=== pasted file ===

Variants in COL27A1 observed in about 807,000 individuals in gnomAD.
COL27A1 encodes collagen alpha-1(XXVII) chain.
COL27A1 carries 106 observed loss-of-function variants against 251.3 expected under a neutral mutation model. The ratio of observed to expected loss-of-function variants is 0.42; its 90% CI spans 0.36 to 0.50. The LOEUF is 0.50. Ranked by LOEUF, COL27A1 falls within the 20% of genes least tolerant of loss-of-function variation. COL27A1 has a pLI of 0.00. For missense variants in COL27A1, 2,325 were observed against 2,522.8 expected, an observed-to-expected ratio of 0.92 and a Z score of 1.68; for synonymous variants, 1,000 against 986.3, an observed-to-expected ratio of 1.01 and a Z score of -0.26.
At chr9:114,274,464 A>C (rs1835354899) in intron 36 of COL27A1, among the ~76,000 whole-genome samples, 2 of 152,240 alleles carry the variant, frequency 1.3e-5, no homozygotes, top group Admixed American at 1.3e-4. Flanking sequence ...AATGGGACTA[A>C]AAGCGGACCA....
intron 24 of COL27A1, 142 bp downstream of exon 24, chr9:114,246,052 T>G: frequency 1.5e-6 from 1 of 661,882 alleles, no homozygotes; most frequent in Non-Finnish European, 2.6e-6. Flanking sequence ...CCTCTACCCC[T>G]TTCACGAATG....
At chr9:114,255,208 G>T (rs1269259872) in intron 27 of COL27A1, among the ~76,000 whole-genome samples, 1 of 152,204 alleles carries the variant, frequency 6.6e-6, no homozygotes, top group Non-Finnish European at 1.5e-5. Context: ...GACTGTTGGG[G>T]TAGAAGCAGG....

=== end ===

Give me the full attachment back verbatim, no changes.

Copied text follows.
Variants in COL27A1 observed in about 807,000 individuals in gnomAD.
COL27A1 encodes collagen alpha-1(XXVII) chain.
COL27A1 carries 106 observed loss-of-function variants against 251.3 expected under a neutral mutation model. The ratio of observed to expected loss-of-function variants is 0.42; its 90% CI spans 0.36 to 0.50. The LOEUF is 0.50. Ranked by LOEUF, COL27A1 falls within the 20% of genes least tolerant of loss-of-function variation. COL27A1 has a pLI of 0.00. For missense variants in COL27A1, 2,325 were observed against 2,522.8 expected, an observed-to-expected ratio of 0.92 and a Z score of 1.68; for synonymous variants, 1,000 against 986.3, an observed-to-expected ratio of 1.01 and a Z score of -0.26.
At chr9:114,274,464 A>C (rs1835354899) in intron 36 of COL27A1, among the ~76,000 whole-genome samples, 2 of 152,240 alleles carry the variant, frequency 1.3e-5, no homozygotes, top group Admixed American at 1.3e-4. Flanking sequence ...AATGGGACTA[A>C]AAGCGGACCA....
intron 24 of COL27A1, 142 bp downstream of exon 24, chr9:114,246,052 T>G: frequency 1.5e-6 from 1 of 661,882 alleles, no homozygotes; most frequent in Non-Finnish European, 2.6e-6. Flanking sequence ...CCTCTACCCC[T>G]TTCACGAATG....
At chr9:114,255,208 G>T (rs1269259872) in intron 27 of COL27A1, among the ~76,000 whole-genome samples, 1 of 152,204 alleles carries the variant, frequency 6.6e-6, no homozygotes, top group Non-Finnish European at 1.5e-5. Context: ...GACTGTTGGG[G>T]TAGAAGCAGG....